Mayo Clinic-powered heart patient sensor commercially launches

By Jonah Comstock
01:48 pm
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BGsensorandphoneMinneapolis-based Preventice announced the commercial launch of its first hardware product: the BodyGuardian Remote Monitoring System. The device, a small sensor attached to the body via a peel-and-stick patch, received FDA 510(k) clearance in August 2012. BodyGaurdian RMS uses an algorithm developed by the Mayo Clinic, sensor technology from STMicroelectronics, and wireless technology from Samsung.

The company also suggested to MobiHealthNews that at least one additional hardware product is in the works from the company. The second device will leverage a developer's agreement with Avery Dennison for Proteus Digital Health's disposable patch technology. That's the same patch technology that powers BodyMedia's possibly forthcoming VUE patch.

"We understand that in this ambulatory market, different devices will serve different purposes according to length of stay and quality of signal, and our strategy is to have different offerings," Preventice Senior VP of Marketing Michael Emerson told MobiHealthNews.

The BodyGuardian RMS is for detecting and monitoring nonlethal cardiac arrhythmias in ambulatory patients. The company is not marketing it directly to consumers, since its FDA clearance is only for prescription use. Instead, Preventice will sell units to providers and organizations that work with providers. Emerson said the device qualifies for reimbursement under many health plans.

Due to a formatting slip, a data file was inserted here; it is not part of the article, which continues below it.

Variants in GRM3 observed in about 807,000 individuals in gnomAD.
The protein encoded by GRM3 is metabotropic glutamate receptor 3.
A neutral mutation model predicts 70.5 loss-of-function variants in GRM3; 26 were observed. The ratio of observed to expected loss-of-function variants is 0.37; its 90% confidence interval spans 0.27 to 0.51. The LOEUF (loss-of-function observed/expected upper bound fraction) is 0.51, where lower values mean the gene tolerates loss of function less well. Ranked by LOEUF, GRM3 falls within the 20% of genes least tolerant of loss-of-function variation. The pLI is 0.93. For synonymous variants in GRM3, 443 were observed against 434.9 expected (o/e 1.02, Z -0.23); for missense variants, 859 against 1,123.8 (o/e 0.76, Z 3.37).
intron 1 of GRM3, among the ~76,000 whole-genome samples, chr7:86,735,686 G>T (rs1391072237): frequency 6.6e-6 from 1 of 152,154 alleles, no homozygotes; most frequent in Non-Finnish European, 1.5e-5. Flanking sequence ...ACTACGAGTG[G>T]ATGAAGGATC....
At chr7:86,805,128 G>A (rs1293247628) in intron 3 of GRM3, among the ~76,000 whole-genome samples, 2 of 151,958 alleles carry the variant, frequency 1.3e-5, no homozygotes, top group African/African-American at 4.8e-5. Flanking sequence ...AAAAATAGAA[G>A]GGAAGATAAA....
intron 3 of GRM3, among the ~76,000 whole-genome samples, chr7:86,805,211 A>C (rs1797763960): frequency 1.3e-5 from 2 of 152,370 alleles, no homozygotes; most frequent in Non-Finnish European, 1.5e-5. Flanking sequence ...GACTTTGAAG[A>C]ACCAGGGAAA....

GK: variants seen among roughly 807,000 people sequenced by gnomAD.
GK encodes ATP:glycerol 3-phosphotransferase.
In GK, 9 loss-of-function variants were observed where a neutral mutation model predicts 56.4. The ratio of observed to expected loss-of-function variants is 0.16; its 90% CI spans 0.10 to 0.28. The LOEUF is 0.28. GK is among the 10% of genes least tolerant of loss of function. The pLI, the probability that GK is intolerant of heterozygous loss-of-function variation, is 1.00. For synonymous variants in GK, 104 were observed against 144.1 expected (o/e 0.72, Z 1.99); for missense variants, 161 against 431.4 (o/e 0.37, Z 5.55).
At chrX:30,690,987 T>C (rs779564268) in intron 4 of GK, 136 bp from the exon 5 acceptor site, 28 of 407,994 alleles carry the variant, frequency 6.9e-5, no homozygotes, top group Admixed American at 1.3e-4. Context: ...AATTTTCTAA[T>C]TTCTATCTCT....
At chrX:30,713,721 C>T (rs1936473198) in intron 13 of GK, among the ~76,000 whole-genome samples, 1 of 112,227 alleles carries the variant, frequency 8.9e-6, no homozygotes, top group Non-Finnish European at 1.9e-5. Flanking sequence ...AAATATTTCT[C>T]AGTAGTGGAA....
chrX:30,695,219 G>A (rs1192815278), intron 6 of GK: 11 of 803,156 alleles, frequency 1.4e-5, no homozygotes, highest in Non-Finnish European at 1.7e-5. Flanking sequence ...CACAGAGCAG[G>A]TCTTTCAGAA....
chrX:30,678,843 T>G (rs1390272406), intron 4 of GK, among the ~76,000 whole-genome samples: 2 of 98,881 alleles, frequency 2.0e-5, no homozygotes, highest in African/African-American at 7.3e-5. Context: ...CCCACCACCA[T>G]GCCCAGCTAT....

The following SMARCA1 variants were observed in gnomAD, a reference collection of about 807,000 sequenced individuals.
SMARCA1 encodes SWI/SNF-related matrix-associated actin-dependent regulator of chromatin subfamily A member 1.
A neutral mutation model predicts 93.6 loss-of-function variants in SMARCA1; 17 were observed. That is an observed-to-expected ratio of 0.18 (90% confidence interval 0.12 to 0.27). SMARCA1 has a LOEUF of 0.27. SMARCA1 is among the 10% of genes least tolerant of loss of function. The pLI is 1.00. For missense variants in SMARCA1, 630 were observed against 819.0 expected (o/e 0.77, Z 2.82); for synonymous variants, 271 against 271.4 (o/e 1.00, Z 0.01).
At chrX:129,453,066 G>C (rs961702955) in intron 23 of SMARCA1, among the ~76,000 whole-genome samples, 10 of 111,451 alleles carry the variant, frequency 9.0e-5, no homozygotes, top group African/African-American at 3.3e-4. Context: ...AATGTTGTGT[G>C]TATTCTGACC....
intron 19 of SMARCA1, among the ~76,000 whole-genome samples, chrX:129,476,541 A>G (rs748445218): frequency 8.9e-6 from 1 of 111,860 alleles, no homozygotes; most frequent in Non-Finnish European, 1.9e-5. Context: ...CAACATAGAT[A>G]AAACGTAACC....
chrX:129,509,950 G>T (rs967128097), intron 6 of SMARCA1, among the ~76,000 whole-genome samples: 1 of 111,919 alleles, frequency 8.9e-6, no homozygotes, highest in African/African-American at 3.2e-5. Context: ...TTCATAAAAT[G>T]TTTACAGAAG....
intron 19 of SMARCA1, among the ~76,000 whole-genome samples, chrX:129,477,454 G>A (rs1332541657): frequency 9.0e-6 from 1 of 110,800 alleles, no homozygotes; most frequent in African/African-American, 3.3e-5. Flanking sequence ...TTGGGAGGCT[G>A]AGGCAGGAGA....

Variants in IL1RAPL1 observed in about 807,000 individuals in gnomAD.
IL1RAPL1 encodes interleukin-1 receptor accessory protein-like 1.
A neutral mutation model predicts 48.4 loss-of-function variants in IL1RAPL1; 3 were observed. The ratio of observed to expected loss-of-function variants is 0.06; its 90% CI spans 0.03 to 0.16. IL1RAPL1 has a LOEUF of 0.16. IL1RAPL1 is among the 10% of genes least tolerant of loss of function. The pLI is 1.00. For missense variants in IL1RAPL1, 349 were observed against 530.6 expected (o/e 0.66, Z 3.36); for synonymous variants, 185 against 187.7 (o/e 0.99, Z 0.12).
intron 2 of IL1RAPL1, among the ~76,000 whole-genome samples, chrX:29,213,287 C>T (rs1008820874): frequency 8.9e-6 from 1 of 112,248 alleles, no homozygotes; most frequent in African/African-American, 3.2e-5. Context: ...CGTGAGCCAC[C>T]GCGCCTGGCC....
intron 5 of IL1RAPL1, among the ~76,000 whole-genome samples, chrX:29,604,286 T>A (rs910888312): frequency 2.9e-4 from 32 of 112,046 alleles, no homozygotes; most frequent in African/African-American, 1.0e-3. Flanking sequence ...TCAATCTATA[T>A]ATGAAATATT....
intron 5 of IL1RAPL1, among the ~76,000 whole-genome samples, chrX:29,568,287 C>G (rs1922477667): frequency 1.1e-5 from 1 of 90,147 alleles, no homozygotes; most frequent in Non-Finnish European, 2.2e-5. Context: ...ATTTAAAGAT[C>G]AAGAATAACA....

Patients using the system will receive a number of peel-and-stick patches, two sensor units, plus a dedicated smartphone with preloaded software. The patches are cleared to be worn for 30 days at a time, but Preventice recommends changing them more frequently. The devices are designed to be swapped out every morning and night, with the patient putting the device they're not wearing in a charging cradle. This allows the sensor to collect data for all but a few minutes each day. The patch is water-proof and the sensor is water-resistant.

"Most patients have reported that they lose track that they're wearing it after a few hours," Emerson said. "It really disappears from your conciousness. We really have had no issues with longterm wear. Unless you have a spandex shirt on you really don't even see it underneath a shirt or blouse."

The device collects data on ECG, heart rate, respiratory rate, and activity level. The data is transmitted over a cellular network that can be accessed on a doctor's mobile device or through a web portal. At the request of the hospital, that data can also be moved into an EHR, Emerson said.

The company has a number of customers lined up, according to Emerson, as well as some pilots and clinical trials set to launch. The Mayo Clinic will be running some pilots and will receive some of the devices as part of the ongoing agreement by which Preventice licensed the algorithm. Other trials will be run in Italy and France and will test the device with post-surgical cardiac patients, patients with congestive heart failure, and infrequently symptomatic patients.

Additionally, the company has a financial pilot in the works with an as-yet-undisclosed payor to establish whether the device delivers significant healthcare savings.

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